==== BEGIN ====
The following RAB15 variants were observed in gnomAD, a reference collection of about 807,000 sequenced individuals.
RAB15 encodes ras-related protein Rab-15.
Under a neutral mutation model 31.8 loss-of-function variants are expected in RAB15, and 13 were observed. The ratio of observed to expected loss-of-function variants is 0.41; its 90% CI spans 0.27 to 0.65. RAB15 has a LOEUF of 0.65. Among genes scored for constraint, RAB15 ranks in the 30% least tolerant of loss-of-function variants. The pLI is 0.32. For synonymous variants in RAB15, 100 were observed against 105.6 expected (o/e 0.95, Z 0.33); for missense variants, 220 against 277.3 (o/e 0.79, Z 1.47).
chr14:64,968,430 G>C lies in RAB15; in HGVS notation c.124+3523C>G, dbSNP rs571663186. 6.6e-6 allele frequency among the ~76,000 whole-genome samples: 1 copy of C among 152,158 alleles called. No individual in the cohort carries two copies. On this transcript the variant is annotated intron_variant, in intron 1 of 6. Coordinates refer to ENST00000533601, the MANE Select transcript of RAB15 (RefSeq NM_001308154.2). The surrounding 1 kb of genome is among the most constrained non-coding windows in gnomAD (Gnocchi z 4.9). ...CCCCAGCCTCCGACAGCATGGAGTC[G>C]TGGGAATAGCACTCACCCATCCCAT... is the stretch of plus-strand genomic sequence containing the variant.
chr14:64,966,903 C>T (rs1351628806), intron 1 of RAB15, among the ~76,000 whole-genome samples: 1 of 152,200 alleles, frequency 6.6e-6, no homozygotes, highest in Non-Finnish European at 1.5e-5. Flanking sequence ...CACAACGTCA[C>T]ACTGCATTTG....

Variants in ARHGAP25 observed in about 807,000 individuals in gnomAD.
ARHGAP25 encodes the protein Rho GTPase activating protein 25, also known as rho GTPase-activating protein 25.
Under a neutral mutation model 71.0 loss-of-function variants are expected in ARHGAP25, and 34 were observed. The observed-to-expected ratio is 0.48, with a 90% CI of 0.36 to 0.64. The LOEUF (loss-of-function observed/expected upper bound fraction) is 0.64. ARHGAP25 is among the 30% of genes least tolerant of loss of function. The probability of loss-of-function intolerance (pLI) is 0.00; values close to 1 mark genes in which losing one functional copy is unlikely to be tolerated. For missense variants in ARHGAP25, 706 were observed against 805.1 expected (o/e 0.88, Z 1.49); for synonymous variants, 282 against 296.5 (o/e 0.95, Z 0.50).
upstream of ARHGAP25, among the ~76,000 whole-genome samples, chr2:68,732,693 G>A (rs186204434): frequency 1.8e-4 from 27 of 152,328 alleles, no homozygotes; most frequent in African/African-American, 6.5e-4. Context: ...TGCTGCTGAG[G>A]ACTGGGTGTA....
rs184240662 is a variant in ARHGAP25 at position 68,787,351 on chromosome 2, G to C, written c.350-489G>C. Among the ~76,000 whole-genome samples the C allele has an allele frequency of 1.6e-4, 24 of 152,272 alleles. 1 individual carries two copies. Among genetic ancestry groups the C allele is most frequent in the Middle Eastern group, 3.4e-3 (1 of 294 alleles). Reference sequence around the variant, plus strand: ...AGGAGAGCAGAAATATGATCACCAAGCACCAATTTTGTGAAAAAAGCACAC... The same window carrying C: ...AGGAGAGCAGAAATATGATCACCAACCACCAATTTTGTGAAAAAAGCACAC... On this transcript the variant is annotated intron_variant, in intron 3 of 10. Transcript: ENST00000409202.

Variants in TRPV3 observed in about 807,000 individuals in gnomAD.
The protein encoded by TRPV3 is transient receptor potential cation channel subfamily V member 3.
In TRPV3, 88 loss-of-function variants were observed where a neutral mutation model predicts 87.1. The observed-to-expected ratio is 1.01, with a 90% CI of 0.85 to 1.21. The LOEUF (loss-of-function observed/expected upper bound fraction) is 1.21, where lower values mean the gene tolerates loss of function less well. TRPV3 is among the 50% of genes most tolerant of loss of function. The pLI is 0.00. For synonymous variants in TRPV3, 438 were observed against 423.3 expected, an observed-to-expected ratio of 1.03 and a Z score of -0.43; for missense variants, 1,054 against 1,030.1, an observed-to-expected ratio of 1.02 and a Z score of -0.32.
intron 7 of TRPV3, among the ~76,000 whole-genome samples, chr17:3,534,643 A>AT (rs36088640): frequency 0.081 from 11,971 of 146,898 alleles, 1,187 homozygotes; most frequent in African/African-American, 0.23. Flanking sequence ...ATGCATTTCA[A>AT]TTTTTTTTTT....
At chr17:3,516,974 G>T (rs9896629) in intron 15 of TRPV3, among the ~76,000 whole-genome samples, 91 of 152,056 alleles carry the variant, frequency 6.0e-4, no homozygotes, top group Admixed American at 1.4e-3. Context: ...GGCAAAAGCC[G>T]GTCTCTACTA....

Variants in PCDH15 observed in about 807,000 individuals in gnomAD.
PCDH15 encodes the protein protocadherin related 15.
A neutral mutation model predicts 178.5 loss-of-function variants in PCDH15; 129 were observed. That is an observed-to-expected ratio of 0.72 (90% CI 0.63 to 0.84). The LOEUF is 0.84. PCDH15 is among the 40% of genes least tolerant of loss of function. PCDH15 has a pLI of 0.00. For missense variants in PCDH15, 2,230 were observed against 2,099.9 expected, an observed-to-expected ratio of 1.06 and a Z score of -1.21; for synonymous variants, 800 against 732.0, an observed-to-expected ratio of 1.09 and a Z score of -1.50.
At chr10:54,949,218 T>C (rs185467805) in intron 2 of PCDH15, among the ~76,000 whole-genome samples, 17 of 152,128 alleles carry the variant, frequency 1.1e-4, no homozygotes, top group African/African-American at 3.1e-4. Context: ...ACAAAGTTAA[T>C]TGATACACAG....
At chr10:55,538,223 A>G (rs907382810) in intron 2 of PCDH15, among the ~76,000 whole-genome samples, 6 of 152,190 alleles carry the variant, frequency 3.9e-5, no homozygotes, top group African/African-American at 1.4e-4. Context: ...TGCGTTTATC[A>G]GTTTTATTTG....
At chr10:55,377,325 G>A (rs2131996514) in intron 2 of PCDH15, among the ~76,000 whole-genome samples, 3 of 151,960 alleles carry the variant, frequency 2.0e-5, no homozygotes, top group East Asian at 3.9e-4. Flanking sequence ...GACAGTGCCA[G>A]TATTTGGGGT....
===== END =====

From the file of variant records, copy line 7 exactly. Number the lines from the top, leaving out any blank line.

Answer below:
ARHGAP25 encodes the protein Rho GTPase activating protein 25, also known as rho GTPase-activating protein 25.